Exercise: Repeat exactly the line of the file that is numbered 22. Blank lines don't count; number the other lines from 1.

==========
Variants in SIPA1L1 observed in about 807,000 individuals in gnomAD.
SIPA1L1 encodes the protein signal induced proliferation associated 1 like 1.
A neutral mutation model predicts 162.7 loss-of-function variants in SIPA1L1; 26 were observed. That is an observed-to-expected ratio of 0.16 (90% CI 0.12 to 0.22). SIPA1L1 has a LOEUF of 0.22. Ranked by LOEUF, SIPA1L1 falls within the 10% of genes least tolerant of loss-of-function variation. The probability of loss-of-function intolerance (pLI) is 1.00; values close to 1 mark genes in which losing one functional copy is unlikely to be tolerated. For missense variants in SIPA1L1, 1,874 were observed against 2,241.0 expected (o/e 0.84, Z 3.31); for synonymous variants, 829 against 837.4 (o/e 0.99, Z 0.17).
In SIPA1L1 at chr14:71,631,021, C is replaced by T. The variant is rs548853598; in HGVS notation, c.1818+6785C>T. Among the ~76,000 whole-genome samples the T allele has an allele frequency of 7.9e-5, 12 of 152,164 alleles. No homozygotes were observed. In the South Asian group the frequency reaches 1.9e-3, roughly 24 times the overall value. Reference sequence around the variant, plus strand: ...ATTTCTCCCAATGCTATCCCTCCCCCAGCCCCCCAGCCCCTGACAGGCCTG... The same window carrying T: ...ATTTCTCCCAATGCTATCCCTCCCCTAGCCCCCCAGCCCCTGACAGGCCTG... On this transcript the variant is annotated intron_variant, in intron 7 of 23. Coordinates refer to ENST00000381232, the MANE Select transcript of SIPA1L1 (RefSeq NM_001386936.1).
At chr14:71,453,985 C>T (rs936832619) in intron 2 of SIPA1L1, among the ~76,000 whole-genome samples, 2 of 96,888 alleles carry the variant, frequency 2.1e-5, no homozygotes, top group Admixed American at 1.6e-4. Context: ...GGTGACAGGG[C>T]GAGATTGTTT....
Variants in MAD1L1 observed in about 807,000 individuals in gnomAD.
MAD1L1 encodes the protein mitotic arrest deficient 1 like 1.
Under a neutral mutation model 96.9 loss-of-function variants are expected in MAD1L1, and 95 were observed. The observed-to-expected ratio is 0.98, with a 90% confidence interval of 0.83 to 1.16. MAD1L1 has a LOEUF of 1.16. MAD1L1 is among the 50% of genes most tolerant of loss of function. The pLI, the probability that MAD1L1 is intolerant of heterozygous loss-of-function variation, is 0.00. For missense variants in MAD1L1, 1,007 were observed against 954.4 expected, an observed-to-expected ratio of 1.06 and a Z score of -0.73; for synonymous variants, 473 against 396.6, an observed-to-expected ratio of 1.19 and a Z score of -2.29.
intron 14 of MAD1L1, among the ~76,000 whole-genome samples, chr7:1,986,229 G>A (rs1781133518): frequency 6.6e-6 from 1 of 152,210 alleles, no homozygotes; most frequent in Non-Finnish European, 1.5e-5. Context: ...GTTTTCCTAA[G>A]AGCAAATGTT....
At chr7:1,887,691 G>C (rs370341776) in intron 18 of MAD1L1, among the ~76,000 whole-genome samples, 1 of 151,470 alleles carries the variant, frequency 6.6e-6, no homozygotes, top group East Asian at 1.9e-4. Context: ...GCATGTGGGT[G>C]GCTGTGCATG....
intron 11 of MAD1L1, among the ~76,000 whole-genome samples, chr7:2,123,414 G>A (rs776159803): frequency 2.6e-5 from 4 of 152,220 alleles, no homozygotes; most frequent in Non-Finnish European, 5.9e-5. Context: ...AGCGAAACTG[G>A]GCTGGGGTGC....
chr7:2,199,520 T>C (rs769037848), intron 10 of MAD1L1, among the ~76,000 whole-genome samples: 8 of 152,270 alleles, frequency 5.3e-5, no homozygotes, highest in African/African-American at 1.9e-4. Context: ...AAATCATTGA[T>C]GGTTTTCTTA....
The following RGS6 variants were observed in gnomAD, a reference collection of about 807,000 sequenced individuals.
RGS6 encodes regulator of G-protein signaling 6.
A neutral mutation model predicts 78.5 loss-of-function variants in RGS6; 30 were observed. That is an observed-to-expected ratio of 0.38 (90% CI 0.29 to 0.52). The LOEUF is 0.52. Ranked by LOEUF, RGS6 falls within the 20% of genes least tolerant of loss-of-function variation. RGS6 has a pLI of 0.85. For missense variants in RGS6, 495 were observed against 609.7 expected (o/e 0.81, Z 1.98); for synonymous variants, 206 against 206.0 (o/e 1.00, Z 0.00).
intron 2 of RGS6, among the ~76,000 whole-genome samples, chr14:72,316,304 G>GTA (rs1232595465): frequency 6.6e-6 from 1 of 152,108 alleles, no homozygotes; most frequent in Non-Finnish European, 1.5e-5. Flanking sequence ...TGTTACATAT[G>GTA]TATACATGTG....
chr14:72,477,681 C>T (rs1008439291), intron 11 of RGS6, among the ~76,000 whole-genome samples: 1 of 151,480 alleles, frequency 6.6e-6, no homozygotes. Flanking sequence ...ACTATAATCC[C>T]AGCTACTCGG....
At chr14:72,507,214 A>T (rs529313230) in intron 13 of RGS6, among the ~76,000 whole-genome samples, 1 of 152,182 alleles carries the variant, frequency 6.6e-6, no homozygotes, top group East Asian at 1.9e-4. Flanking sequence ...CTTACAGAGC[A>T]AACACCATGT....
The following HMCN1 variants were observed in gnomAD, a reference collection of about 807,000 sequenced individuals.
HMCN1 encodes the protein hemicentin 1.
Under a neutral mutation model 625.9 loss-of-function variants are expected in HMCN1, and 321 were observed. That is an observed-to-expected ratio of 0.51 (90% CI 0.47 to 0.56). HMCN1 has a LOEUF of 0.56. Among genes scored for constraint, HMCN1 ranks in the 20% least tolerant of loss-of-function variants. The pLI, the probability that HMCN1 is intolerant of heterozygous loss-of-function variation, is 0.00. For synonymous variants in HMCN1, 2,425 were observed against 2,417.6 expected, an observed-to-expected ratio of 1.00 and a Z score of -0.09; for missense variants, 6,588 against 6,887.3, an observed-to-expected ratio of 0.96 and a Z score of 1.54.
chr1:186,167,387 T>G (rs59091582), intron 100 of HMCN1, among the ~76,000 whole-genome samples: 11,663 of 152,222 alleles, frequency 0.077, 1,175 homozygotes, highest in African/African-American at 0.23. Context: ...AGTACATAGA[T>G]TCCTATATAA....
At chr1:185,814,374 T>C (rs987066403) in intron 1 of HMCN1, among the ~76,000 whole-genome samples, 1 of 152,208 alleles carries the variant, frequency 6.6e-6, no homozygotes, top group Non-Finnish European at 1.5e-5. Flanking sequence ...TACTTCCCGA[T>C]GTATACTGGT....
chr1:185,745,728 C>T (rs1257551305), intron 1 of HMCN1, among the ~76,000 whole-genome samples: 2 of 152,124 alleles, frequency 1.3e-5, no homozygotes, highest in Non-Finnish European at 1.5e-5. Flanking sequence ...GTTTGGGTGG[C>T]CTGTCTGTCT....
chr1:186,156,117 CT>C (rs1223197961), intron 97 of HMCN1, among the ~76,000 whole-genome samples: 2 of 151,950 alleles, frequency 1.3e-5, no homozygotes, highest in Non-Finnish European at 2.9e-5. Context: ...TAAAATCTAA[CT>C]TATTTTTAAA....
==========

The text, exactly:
chr1:186,167,387 T>G (rs59091582), intron 100 of HMCN1, among the ~76,000 whole-genome samples: 11,663 of 152,222 alleles, frequency 0.077, 1,175 homozygotes, highest in African/African-American at 0.23. Context: ...AGTACATAGA[T>G]TCCTATATAA....